Monday, June 13, 2011

In Good Times and In Grocery Shopping




Wedding gown cleaned? Check.
Tuxedo returned? Check.
Marriage certificate filed? Check.
First apartment leased? Check.


I had found the man of my dreams, and we had entered into the most sacred of institutions, standing before family and friends on wobbly legs with tears in our eyes, hearing only “I love you” in each breath, promising to love and cherish in sunshine and in shadow. We had returned from seven days in Hawaiian bliss to begin Operation Happily-Ever-After. The only task left was the easiest ~ a visit to the grocery store to stock the pantry and refrigerator.

Mr. Perfect and I set out to the grocery store that very evening. The apartment complex sat behind a grocery store, and an opening in the tall hedge provided access between the apartments and the back of the store. We held hands as we strolled down the tree-lined lanes of the complex and stole a kiss as we passed through the hedge. A cool breeze ruffled my hair and a cozy pair of song birds serenaded us as the early evening sun cast a golden hue over the grocery store loading dock. Mr. Perfect carried our cloth shopping bags.

We entered the store, barely tripping the sensor in the floor to open the door as we floated along on our love and almost knocking over an elderly shopper as we gazed only at each other. We cruised through the produce section, blithely selecting ripe tomatoes, a crisp head of lettuce, a bag of tart, crunchy apples. We meandered down the cereal aisle as Mr. Perfect, the masculine outdoorsy type, chose Grape Nuts, and I, conscious of my gown-prepared figure but torn between healthy horse feed and scrumptious balls of sugar, chose corn flakes. We lingered at the meat counter, carefully selecting the best cuts for our new grill. Mr. Perfect’s muscles rippled as he pushed the cart.

The baking aisle was empty as we turned in, and Mr. Perfect began selecting baking soda, baking powder, and cooking oil. I went ahead to select flour, sugar, and chocolate chips for future batches of home-made cookies. I had some idea of what ingredients we needed; I just didn’t know yet who would do the baking. Mr. Perfect caught up with me and took the heavy bag of flour to put it in the cart. “I sure do like that set of canisters we got for a shower gift,” he said.

“Yeah, me too,” I said, remembering the three white ceramic canisters with wooden lids of gradated heights. They would look terrific on our kitchen countertop.

“They’ll be perfect for flour and sugar. We’ll figure something else out for the small one.”

“Flour?” I had wanted the canisters because I thought they were pretty. My mother had never used canisters, so I never imagined they could actually be useful. Apparently, Mr. Perfect had some specific ideas. “You don’t keep flour in a canister,” I informed him. “It has to be kept in the freezer.” There. I was sure that would settle it.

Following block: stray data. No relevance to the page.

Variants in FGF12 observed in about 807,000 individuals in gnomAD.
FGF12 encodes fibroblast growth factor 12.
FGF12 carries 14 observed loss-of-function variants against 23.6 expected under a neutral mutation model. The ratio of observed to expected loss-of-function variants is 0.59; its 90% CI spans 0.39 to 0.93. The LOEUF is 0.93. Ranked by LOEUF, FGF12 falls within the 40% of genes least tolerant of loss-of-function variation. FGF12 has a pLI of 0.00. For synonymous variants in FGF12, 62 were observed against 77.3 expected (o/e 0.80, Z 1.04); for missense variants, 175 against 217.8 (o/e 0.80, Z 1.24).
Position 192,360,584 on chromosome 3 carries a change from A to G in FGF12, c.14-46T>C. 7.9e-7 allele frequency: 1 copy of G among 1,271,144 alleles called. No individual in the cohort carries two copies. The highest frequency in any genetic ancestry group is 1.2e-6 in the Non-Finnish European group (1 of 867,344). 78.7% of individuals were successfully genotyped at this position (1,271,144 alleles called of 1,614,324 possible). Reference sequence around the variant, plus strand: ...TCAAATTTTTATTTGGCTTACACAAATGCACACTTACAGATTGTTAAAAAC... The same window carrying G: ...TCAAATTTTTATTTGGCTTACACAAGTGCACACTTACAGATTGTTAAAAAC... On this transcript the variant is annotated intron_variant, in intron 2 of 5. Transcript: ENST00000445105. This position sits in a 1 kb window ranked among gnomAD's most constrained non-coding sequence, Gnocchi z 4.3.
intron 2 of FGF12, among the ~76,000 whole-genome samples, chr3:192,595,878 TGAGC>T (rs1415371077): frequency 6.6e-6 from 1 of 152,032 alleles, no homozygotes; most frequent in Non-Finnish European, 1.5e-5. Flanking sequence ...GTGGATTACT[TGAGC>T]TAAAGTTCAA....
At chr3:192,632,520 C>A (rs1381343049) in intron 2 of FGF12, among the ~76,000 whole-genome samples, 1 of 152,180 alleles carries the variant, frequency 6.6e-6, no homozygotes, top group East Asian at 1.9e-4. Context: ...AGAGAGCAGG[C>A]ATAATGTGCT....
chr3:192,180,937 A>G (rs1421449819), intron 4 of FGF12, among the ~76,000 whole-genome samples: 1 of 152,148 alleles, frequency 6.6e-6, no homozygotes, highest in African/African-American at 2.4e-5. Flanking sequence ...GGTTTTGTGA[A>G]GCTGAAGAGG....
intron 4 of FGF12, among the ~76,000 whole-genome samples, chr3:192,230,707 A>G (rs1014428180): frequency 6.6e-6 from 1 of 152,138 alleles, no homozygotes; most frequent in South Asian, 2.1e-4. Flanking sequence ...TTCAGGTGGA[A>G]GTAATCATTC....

“Flour doesn’t have to go in the freezer. It can stay out,” Mr. Good insisted.

“My mother always keeps hers in the freezer.” My voice seemed to be getting louder. “To keep the bugs out.”

Around the end of the aisle, a shopping cart slowly came into view. We were no longer alone. The cart’s driver soon came into view; she was a middle-aged woman wearing jeans and a tee-shirt. Reading glasses teetered precariously on the end of her nose.

“Well, your mother doesn’t need to keep hers in the freezer. It won’t get bugs in it. Flour is fine left out.” Mr. Okay was oblivious to the other shopper coming toward us. I could tell she was within earshot, but I couldn’t let it go. I knew I was right.

“I don’t want bugs in my flour. We should keep in it the freezer.” Why did my voice sound so loud? And why was that woman looking at us? This was a private discussion. Don’t cry, I told myself. “My mother says that flour should be kept in the freezer.”

Mr. Okay put his arm around my shoulders. The woman took another look at us over her shoulder after she passed by, a sly smile on her face. “We’ll figure it out, okay?”

I was anxious to move on, and I certainly didn’t want that woman eavesdropping on any more of our disagreement. “Okay.”

We completed the rest of the shopping without any hiccups or tears, but I couldn’t forget that monumental first disagreement or the witness.

It has been over 18 years since that first grocery shopping trip, and he is still Mr. Perfect.

Guess where we keep our flour. In the pantry.











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3 comments:

  1. Lovely story.I keep mine in a big bucket in the pantry too.

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  2. Fun post...made me smile! :)

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  3. laugh out loud --- cute story. Loved it how quickly Mr. "Perfect" became Mr. "Good," and then Mr. "Okay." I thought I liked The Pioneer Woman's blog. Yours is beyond it....because of Christ.

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